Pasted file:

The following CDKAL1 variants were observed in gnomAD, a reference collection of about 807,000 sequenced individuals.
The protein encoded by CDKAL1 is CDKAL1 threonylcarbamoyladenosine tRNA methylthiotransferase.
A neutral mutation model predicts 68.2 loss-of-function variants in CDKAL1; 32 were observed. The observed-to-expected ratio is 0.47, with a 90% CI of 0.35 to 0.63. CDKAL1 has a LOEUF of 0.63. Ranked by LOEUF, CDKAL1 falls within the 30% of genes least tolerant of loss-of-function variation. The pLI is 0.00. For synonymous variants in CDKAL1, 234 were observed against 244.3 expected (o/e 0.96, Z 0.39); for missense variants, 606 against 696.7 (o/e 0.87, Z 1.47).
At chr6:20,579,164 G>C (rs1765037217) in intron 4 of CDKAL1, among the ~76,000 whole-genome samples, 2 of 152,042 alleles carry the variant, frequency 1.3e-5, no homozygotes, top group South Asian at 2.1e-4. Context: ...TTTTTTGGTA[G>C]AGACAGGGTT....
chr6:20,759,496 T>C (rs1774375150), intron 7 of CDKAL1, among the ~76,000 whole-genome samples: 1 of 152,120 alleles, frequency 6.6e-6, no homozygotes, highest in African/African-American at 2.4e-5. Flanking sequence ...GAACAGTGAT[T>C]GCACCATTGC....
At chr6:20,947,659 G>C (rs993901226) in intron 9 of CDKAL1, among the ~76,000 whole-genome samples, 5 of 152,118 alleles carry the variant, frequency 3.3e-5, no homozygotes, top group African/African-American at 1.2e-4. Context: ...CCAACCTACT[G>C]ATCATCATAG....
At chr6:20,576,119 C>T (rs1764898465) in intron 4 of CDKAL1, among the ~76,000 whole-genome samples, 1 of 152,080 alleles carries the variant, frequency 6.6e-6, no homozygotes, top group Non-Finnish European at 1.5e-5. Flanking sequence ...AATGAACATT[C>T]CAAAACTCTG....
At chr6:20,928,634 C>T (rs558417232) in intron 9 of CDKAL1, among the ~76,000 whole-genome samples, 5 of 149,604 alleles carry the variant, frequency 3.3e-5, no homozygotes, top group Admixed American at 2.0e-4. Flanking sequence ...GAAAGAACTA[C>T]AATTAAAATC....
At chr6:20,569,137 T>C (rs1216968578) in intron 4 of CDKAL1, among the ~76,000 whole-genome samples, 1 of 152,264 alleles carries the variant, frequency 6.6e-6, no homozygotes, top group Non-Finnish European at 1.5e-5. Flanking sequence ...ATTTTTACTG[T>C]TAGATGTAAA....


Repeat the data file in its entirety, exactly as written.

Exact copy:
The following CDKAL1 variants were observed in gnomAD, a reference collection of about 807,000 sequenced individuals.
The protein encoded by CDKAL1 is CDKAL1 threonylcarbamoyladenosine tRNA methylthiotransferase.
A neutral mutation model predicts 68.2 loss-of-function variants in CDKAL1; 32 were observed. The observed-to-expected ratio is 0.47, with a 90% CI of 0.35 to 0.63. CDKAL1 has a LOEUF of 0.63. Ranked by LOEUF, CDKAL1 falls within the 30% of genes least tolerant of loss-of-function variation. The pLI is 0.00. For synonymous variants in CDKAL1, 234 were observed against 244.3 expected (o/e 0.96, Z 0.39); for missense variants, 606 against 696.7 (o/e 0.87, Z 1.47).
At chr6:20,579,164 G>C (rs1765037217) in intron 4 of CDKAL1, among the ~76,000 whole-genome samples, 2 of 152,042 alleles carry the variant, frequency 1.3e-5, no homozygotes, top group South Asian at 2.1e-4. Context: ...TTTTTTGGTA[G>C]AGACAGGGTT....
chr6:20,759,496 T>C (rs1774375150), intron 7 of CDKAL1, among the ~76,000 whole-genome samples: 1 of 152,120 alleles, frequency 6.6e-6, no homozygotes, highest in African/African-American at 2.4e-5. Flanking sequence ...GAACAGTGAT[T>C]GCACCATTGC....
At chr6:20,947,659 G>C (rs993901226) in intron 9 of CDKAL1, among the ~76,000 whole-genome samples, 5 of 152,118 alleles carry the variant, frequency 3.3e-5, no homozygotes, top group African/African-American at 1.2e-4. Context: ...CCAACCTACT[G>C]ATCATCATAG....
At chr6:20,576,119 C>T (rs1764898465) in intron 4 of CDKAL1, among the ~76,000 whole-genome samples, 1 of 152,080 alleles carries the variant, frequency 6.6e-6, no homozygotes, top group Non-Finnish European at 1.5e-5. Flanking sequence ...AATGAACATT[C>T]CAAAACTCTG....
At chr6:20,928,634 C>T (rs558417232) in intron 9 of CDKAL1, among the ~76,000 whole-genome samples, 5 of 149,604 alleles carry the variant, frequency 3.3e-5, no homozygotes, top group Admixed American at 2.0e-4. Flanking sequence ...GAAAGAACTA[C>T]AATTAAAATC....
At chr6:20,569,137 T>C (rs1216968578) in intron 4 of CDKAL1, among the ~76,000 whole-genome samples, 1 of 152,264 alleles carries the variant, frequency 6.6e-6, no homozygotes, top group Non-Finnish European at 1.5e-5. Flanking sequence ...ATTTTTACTG[T>C]TAGATGTAAA....